Reminiscent of postcards, and likened to tokens of travel, Pekmen’s charming paintings hold a childlike naievity and an honest playfulness. This lightness might speak to the innate fascination she realised as a young girl in her neighbour’s studio, yet also clear is the influence that motherhood has had on her, in particular her son’s creative imagination which never fails to suprise and inspire.
Pekmen’s background in advertising has informed her graphic painting style. She makes clean, idealistic images which read well on a flat surface as well as in digital form. Escapist scenes are peppered with graphic representations of sunlight, shade and other natural formations. Whilst we are looking at one composition, the artist is depciting multiple perspectives: those of her many subjects. Each cluster of holiday-goers and sun- worshippers tell a different narrative, and the more time spent with the paintings, the more there is to discover.
Although the artworks have a comic book flatness, elements of each painting move or are in action. Notice the trees that have arms that warmly embrace their neighbours in “Wonderland:” a joyful painting that depicts the union of its subjects. Pekmen also demonstrates her talents for understanding perspective in “Pool Gang,” one might imagine the movement of the tree shadows reflected in the rippling swimming pool. Apparent is the artists aptitude for scultping with paint, she “love[s] to work with clay and draw inspiration from working in three dimensions.”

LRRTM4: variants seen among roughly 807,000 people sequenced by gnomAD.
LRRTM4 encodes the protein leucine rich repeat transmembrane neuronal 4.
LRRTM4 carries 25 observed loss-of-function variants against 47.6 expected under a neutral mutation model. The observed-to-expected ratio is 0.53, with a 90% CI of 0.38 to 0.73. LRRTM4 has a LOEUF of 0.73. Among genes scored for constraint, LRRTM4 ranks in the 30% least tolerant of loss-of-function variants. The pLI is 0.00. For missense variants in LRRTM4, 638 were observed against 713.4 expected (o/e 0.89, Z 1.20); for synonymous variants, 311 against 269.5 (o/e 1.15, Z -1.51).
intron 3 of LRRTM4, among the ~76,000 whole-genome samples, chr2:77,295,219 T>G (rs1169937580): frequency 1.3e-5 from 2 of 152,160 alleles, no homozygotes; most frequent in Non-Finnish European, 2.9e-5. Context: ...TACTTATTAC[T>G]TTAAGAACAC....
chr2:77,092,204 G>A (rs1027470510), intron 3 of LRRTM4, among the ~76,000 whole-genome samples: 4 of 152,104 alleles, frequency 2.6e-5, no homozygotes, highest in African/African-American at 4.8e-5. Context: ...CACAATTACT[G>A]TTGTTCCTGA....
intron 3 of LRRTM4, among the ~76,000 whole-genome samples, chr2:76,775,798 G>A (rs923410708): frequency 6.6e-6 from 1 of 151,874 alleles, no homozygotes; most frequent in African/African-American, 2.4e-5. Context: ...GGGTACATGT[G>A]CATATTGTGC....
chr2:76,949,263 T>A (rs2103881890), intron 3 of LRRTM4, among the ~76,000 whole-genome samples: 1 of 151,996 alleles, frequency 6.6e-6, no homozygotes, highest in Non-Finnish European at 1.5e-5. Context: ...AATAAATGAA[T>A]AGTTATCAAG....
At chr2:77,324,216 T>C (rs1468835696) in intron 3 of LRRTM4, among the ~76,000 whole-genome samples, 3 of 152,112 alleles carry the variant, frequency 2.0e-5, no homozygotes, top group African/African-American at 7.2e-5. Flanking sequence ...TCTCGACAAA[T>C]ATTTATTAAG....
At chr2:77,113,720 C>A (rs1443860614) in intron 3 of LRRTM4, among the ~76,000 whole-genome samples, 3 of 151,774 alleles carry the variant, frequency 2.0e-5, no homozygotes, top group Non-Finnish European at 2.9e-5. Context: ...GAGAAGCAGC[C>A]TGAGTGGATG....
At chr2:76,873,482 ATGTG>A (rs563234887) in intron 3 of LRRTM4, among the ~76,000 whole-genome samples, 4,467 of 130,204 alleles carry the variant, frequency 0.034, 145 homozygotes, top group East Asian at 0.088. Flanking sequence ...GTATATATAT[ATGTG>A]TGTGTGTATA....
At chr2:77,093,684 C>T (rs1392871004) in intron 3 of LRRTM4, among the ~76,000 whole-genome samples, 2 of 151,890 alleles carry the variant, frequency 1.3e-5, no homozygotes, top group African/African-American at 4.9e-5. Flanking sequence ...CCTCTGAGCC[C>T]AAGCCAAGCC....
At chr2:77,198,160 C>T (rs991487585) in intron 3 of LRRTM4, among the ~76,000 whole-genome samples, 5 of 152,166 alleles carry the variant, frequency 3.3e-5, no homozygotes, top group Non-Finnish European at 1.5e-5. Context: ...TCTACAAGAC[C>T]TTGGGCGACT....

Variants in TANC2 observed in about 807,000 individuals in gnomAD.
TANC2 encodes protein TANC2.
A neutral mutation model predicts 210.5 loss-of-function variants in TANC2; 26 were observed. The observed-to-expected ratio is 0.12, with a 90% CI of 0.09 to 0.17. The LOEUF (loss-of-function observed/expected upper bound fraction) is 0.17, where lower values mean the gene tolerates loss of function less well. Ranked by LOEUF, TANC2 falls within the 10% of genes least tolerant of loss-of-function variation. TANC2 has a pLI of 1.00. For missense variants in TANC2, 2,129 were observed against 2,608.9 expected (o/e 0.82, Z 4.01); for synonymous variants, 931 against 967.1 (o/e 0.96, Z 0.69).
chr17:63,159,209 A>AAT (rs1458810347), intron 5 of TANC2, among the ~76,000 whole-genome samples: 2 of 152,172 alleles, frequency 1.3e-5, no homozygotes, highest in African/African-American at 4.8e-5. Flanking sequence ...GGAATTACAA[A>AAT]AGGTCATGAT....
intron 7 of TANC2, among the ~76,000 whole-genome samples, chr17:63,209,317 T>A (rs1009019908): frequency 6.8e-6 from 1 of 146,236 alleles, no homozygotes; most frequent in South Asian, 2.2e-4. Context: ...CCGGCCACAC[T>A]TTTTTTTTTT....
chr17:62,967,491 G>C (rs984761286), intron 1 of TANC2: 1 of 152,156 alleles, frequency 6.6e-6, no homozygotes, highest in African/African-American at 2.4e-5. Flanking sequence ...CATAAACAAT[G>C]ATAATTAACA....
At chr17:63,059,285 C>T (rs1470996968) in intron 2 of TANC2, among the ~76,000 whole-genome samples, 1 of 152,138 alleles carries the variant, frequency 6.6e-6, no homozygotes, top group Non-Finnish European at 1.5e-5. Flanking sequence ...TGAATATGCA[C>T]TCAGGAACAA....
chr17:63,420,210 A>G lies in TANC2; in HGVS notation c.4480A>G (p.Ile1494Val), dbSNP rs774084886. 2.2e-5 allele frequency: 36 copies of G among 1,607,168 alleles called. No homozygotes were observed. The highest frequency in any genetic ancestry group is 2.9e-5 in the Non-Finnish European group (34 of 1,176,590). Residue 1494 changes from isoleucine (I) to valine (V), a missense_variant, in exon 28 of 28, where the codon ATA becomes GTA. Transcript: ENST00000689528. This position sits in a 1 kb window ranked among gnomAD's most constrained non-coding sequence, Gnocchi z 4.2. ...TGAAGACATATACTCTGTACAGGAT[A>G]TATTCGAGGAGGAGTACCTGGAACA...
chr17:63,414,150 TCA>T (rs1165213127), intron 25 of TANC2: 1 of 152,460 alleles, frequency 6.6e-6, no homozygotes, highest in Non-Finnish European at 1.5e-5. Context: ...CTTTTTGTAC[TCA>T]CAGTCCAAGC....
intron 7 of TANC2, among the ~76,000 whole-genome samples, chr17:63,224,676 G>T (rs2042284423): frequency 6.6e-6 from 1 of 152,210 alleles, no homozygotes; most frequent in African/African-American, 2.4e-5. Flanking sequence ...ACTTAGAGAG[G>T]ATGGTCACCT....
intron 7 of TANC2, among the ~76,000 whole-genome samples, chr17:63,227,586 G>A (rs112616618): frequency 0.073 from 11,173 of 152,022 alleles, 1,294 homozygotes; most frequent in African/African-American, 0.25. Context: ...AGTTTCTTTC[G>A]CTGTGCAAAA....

When she travels, Pekmen likes to live like the locals do, she visits markets, thrifts furniture and takes in the architectural landmarks which define the place. This was something Pekmen, like all of us, missed during lockdown. As a result, the paintings exhibited here came into being initally just as a form of therapy for the artist. Pekmen reminisced over the ordinary moments that were once taken for granted and become more and more precious as the world remains unfamiliar and ever-changing.